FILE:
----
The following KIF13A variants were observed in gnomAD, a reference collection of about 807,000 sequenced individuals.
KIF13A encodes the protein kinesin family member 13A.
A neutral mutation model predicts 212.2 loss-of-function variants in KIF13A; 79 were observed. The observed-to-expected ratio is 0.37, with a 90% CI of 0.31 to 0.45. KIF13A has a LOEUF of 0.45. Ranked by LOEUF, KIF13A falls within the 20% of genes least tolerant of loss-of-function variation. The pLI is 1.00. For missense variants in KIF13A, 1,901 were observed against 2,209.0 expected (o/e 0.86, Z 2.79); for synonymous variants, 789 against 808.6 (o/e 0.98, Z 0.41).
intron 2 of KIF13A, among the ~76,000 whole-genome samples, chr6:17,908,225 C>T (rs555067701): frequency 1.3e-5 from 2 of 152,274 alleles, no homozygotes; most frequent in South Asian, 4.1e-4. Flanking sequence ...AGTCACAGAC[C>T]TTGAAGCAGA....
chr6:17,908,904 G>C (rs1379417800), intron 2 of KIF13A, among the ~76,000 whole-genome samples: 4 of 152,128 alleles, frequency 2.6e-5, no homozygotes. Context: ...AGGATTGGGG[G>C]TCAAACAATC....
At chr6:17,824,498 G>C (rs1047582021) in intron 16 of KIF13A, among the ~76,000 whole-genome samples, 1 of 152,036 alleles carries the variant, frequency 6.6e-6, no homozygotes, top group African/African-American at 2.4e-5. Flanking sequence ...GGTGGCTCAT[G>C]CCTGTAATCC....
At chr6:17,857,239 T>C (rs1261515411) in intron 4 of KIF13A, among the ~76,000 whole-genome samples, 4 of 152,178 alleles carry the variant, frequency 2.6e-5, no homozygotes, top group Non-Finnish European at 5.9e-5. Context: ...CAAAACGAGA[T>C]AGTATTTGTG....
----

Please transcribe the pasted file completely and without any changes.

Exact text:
The following KIF13A variants were observed in gnomAD, a reference collection of about 807,000 sequenced individuals.
KIF13A encodes the protein kinesin family member 13A.
A neutral mutation model predicts 212.2 loss-of-function variants in KIF13A; 79 were observed. The observed-to-expected ratio is 0.37, with a 90% CI of 0.31 to 0.45. KIF13A has a LOEUF of 0.45. Ranked by LOEUF, KIF13A falls within the 20% of genes least tolerant of loss-of-function variation. The pLI is 1.00. For missense variants in KIF13A, 1,901 were observed against 2,209.0 expected (o/e 0.86, Z 2.79); for synonymous variants, 789 against 808.6 (o/e 0.98, Z 0.41).
intron 2 of KIF13A, among the ~76,000 whole-genome samples, chr6:17,908,225 C>T (rs555067701): frequency 1.3e-5 from 2 of 152,274 alleles, no homozygotes; most frequent in South Asian, 4.1e-4. Flanking sequence ...AGTCACAGAC[C>T]TTGAAGCAGA....
chr6:17,908,904 G>C (rs1379417800), intron 2 of KIF13A, among the ~76,000 whole-genome samples: 4 of 152,128 alleles, frequency 2.6e-5, no homozygotes. Context: ...AGGATTGGGG[G>C]TCAAACAATC....
At chr6:17,824,498 G>C (rs1047582021) in intron 16 of KIF13A, among the ~76,000 whole-genome samples, 1 of 152,036 alleles carries the variant, frequency 6.6e-6, no homozygotes, top group African/African-American at 2.4e-5. Flanking sequence ...GGTGGCTCAT[G>C]CCTGTAATCC....
At chr6:17,857,239 T>C (rs1261515411) in intron 4 of KIF13A, among the ~76,000 whole-genome samples, 4 of 152,178 alleles carry the variant, frequency 2.6e-5, no homozygotes, top group Non-Finnish European at 5.9e-5. Context: ...CAAAACGAGA[T>C]AGTATTTGTG....